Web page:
Corbus Pharmaceuticals says a Phase 3 clinical trial of anabasum for diffuse cutaneous scleroderma will start in the fourth quarter of 2017, putting the treatment a step closer toward regulatory approval after a Phase 2 trial that improved patients’ disease.
According to the company’s second-quarter financial report, the trial’s launch is the result of meetings between the company and the U.S. Food and Drug Administration as well as meetings with the European Medicines Agency. The discussions covered results of the Phase 2 study and the design of the Phase 3 trial.
The global trial will recruit about 350 adults with diffuse scleroderma who will be randomized to receive one of two anabasum doses or a placebo. After 52 weeks of treatment, researchers will analyze patients’ modified Rodnan Skin Score, which measures skin fibrosis and thickening. This measure will constitute the study’s main outcome.
Anabasum, formerly known as Resunab or JBT-101, improved patients’ symptoms in the Phase 2 trial (NCT02465437), as measured by the mRSS. Corbus presented the results at the annual meeting of the European League Against Rheumatism.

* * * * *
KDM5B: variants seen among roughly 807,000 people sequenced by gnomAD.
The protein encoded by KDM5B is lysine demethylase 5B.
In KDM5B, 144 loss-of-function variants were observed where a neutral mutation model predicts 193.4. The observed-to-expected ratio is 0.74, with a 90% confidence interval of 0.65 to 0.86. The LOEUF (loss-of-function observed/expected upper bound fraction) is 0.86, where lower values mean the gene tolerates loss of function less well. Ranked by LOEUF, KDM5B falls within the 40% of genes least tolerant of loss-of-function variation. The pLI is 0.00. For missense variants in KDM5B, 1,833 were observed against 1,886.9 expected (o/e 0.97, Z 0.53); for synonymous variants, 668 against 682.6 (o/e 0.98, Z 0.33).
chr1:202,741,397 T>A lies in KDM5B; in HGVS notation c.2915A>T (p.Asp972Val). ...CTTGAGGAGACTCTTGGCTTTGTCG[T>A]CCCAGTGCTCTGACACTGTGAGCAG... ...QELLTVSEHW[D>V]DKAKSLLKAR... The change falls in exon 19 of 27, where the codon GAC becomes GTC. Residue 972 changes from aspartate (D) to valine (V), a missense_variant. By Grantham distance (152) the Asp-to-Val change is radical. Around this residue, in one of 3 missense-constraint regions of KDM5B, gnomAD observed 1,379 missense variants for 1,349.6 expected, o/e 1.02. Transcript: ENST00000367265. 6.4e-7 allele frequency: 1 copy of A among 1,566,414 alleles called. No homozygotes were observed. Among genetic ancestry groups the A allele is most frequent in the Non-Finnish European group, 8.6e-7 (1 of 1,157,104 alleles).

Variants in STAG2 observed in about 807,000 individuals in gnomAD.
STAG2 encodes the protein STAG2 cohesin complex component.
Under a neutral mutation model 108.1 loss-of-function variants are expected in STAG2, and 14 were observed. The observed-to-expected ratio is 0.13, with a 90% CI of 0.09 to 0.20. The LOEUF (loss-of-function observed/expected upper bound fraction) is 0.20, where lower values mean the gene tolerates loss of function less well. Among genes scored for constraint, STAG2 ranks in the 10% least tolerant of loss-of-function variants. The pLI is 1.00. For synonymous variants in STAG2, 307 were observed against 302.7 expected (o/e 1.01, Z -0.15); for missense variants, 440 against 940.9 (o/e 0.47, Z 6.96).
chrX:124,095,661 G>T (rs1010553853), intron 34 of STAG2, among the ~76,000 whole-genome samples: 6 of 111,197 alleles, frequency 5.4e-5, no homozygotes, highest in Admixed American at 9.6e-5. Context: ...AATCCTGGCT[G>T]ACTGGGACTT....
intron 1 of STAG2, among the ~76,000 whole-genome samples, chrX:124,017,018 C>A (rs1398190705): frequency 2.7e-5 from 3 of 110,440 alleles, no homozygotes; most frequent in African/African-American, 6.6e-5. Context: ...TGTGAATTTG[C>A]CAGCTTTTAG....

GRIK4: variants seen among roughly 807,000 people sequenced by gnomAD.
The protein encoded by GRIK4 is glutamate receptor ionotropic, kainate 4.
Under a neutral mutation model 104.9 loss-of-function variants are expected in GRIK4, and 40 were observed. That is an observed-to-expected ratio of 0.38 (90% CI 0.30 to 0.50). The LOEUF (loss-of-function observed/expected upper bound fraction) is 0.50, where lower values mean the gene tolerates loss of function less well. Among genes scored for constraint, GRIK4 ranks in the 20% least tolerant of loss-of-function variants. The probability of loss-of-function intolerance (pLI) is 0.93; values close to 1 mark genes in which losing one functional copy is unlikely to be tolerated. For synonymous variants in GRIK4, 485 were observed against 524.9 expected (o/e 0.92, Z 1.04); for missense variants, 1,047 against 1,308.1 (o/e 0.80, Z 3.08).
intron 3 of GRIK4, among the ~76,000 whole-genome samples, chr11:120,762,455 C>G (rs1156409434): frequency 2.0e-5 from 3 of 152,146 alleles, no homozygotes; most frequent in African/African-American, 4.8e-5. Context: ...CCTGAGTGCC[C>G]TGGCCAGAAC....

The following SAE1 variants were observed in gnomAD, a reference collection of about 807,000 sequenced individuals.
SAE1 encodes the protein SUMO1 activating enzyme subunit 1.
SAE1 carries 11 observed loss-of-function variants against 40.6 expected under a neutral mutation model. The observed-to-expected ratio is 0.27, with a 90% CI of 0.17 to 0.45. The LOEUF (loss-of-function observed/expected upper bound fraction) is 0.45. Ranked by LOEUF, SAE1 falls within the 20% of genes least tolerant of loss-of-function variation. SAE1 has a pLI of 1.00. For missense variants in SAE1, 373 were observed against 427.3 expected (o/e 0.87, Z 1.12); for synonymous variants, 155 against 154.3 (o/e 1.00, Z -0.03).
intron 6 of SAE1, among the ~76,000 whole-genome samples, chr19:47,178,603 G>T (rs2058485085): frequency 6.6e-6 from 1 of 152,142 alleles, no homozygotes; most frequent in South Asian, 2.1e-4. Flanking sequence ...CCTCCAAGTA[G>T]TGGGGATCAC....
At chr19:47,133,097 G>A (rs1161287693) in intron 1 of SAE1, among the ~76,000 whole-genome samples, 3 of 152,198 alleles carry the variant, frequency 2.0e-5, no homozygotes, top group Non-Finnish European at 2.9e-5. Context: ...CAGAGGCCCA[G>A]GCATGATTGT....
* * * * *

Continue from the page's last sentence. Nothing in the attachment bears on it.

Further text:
Other disease features also improved, as shown by improvements in patients’ scores on the American College of Rheumatology Combined Response Index in diffuse cutaneous Systemic Sclerosis (ACR CRISS). This tool measures several disease parameters, including lung function and global health assessments.
Anabasum is a synthetic oral drug that mimics endocannabinoids. Its binding to the CB2 receptor on immune cells and on skin cells called fibroblasts triggers changes in activity in nearly 1,940 genes.
Additional analyses, presented at the 15th International Workshop on Scleroderma Research, showed that the treatment reduced inflammation and fibrosis in patients’ skin samples.
The treatment is currently being evaluated in an open-label extension study that includes patients from the Phase 2 trial. The extension trial, originally scheduled for one year, will now run for two more years.
The European Commission in 2017 granted anabasum orphan drug status as a treatment for scleroderma and cystic fibrosis — another condition marked by inflammation and fibrosis development. In 2015, the FDA granted it both orphan drug and fast track status for the treatment of scleroderma.
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